Climate change is sending increasingly strong messages–through catastrophic floods, droughts, and wildfires–that human societies must shift their priorities if they are to survive beyond the next few generations. Unfortunately, transportation professionals–including the Transportation Authority of Marin (TAM)–still haven’t accepted the responsibility of reducing the impact of transportation on climate change. Climate change is caused primarily by the greenhouse gases (GHGs) emitted from the burning of fossil fuels. Motor vehicles are the biggest source of GHGs in California, in the Bay Area, and in Marin. Because driving keeps increasing, GHG emissions keep increasing, even while the State is working hard to…

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TAM can’t be trusted with a 30-year sales tax

Today’s Marin IJ carried TRANSDEF’s Marin Voice, entitled “TAM can’t be trusted with a 30-year sales tax.” Although the IJ endorsed the measure, it gave opponents the much-sought-after Sunday placement. The piece is a hard-hitting takedown of a status quo agency that is uninterested in its impacts on climate. As environmentalists, we find that stance completely unacceptable. See associated post.

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The official start of the age of carpooling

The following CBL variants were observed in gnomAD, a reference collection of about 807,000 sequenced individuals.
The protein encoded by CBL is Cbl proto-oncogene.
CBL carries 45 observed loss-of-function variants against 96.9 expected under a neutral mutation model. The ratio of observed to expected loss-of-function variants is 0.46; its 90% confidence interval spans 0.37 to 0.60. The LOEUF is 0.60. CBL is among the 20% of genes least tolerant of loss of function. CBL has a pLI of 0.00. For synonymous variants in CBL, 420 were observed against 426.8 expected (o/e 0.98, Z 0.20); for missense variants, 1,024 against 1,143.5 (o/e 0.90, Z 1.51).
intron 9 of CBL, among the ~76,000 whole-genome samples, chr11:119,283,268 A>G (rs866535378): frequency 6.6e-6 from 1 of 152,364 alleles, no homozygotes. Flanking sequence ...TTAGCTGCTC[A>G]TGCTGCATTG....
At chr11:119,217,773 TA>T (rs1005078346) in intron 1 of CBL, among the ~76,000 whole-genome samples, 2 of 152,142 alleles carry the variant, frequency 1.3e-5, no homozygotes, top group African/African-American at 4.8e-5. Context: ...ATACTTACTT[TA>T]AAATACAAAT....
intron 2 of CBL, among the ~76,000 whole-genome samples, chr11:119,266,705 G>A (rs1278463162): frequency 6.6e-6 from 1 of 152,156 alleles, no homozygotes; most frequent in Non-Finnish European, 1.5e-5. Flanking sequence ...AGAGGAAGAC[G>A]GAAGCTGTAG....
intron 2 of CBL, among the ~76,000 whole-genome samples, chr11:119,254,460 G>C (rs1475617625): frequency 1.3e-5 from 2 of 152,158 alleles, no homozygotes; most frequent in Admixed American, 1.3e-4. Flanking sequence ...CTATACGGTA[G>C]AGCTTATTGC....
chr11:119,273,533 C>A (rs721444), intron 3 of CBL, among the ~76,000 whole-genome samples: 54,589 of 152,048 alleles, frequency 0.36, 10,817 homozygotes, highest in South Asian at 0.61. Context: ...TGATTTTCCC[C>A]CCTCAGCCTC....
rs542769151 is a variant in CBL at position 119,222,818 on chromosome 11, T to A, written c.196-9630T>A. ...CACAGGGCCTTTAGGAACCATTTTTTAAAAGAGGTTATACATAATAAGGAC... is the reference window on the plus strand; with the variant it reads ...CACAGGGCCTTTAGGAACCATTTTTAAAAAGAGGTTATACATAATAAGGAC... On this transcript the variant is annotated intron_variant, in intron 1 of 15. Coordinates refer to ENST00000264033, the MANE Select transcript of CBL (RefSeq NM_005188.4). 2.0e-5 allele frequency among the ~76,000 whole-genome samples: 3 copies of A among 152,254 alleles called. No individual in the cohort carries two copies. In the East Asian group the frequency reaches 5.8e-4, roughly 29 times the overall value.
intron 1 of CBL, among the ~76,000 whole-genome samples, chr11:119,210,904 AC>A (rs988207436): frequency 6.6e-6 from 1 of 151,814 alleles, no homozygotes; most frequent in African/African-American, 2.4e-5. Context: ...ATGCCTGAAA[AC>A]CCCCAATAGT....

Today’s Chronicle carried a story on how Google’s Waze is rolling out carpooling on a national scale. TRANSDEF has been writing about the significance of ridematching apps for years, before Waze got interested in this market. The announcement today marks what we believe will become known as the official start of the age of carpooling. What makes the announcement so unusual is its express interest in both the public and private benefits of the venture: “We want to reduce traffic and take cars off the road,” said Josh Fried, Waze’s head of carpool.   Waze has another goal, too: prepare…

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Climate change is here!

The most direct and tangible expression of global warming has been the intensification of hurricanes and typhoons. A very striking article explains why it has been so hard for forecasters to predict the big storms: warmer ocean surface temperatures and more importantly, warmer deep ocean temperatures, have changed the energetics of storms, so they don’t follow past patterns. As climatologist and hurricane expert Greg Holland explained last year, “globally, the proportion of Cat 4 and 5 hurricanes has increased from ~20 percent of all hurricanes to around 40 percent due to climate change over the past 60 years.”   Bottom…